Just under half (41%) of children in Illinois have experienced at least one or more traumatic occurrences such as violence, poverty, abuse or neglect. (Child Trends, 2014)
These adverse childhood experiences (ACEs) can often lead to many other social, emotional and cognitive impairments. Furthermore, there is a direct correlation between childhood trauma and negative health and behavioral outcomes later in life. The good news is that these negative outcomes can be prevented if the child feels protected and is surrounded by adults that can provide strong coping skills and a positive environment.
To create these positive environments is the goal of Bright Promises Foundation’s Promoting Resilience initiative, launched in 2012. Through this initiative, we have partnered with highly effective organizations across the Greater Chicago Metro Area, including the Uhlich Children's Advantage Network (UCAN), to facilitate Trauma-Informed trainings for a diverse group of child-serving agencies.
By healing complex trauma, UCAN reduces youth violence and strengthens families and communities. Bright Promises Foundation has allowed UCAN to share their expertise with other organizations in Chicago’s North Lawndale community for the past four years.
Through the Promoting Resilience initiative, UCAN provided trauma‐informed trainings to six different child-serving organization including Urban Gateways, an arts organization providing high-quality, accessible arts experiences to young people.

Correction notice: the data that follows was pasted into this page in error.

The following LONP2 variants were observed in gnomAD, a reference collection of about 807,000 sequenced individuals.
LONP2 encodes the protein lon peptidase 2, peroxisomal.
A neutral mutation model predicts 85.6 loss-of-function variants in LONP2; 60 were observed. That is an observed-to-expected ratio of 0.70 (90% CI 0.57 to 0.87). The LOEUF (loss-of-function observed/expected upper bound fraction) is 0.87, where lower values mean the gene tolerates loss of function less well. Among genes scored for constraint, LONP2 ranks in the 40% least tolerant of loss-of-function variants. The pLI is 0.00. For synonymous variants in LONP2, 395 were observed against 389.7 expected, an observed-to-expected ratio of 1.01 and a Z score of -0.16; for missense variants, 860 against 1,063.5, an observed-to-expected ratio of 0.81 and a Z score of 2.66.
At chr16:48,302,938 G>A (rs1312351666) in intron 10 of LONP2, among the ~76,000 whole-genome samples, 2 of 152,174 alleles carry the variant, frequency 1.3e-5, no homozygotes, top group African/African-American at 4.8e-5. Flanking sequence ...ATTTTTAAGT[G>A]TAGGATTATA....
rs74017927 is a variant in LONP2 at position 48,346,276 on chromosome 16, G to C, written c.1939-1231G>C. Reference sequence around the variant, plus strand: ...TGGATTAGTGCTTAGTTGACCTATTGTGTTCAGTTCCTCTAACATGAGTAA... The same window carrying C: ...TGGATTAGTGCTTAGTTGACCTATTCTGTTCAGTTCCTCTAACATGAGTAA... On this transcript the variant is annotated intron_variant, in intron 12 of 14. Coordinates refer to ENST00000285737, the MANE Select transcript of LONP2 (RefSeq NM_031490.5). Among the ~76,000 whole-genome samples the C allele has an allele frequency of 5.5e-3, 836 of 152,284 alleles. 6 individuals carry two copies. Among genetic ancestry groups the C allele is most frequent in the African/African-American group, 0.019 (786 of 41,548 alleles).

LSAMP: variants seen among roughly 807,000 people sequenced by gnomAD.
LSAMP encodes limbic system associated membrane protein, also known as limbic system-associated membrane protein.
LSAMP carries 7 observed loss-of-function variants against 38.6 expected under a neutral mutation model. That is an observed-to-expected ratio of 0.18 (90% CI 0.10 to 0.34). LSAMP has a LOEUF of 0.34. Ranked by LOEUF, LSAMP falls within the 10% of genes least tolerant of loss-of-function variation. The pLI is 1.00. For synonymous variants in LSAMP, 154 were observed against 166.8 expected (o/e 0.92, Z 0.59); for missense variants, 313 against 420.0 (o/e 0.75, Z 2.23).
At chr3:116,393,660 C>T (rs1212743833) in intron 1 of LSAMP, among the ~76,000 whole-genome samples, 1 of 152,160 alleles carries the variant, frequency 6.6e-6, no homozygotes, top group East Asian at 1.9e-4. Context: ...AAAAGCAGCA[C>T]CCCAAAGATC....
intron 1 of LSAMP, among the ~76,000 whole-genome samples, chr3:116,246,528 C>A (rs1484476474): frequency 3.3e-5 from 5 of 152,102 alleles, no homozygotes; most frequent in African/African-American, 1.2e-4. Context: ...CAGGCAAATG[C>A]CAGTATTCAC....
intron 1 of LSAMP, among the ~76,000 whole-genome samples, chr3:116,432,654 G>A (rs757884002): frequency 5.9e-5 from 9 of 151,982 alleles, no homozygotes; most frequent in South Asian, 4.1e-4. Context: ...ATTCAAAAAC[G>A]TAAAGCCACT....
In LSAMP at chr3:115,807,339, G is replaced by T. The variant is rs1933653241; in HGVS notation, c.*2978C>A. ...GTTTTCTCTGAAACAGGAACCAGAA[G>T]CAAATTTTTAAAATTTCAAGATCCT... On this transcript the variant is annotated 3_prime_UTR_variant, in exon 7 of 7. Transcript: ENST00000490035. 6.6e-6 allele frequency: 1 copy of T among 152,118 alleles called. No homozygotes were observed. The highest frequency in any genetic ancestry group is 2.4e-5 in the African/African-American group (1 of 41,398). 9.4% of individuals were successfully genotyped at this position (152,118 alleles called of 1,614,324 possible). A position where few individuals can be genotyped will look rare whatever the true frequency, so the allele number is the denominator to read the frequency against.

After receiving the trauma-informed training, Urban Gateways staff shared their positive experiences with many members of the broader arts community. As a result of their conversations, art‐based organizations that work in schools are now requesting additional trauma-informed training for their staff.
Also, since the training at Urban Gateways has commenced, their teaching artists have better engaged UCAN youth during arts workshops. There is evidence that these teaching artist’s trauma‐informed training informed them on how to respond to traumatized youth in a way that promotes resilience and healthy social and emotional development.
UCAN staff have remarked many times about how their interactions with the community (schools, residents, community organizations) have been informed from these trauma-informed trainings. They have cited times when they have educated parents, teachers, school administrators, probation officers and public defenders about how to recognize symptoms of trauma and have an empathic response to the children and youth of trauma. Program participants have also cited how being trauma‐informed helps them reframe their responses to the trauma reaction behaviors of the youth they serve.
UCAN has reported that, as a result of Bright Promises multi‐year support, they are much better positioned to be a resource for Chicago organizations serving youth who have been exposed to complex trauma. UCAN’s scope of services and Bright Promises’ investment in these services are truly having a systems impact on Chicago’s community of providers and the youth they serve.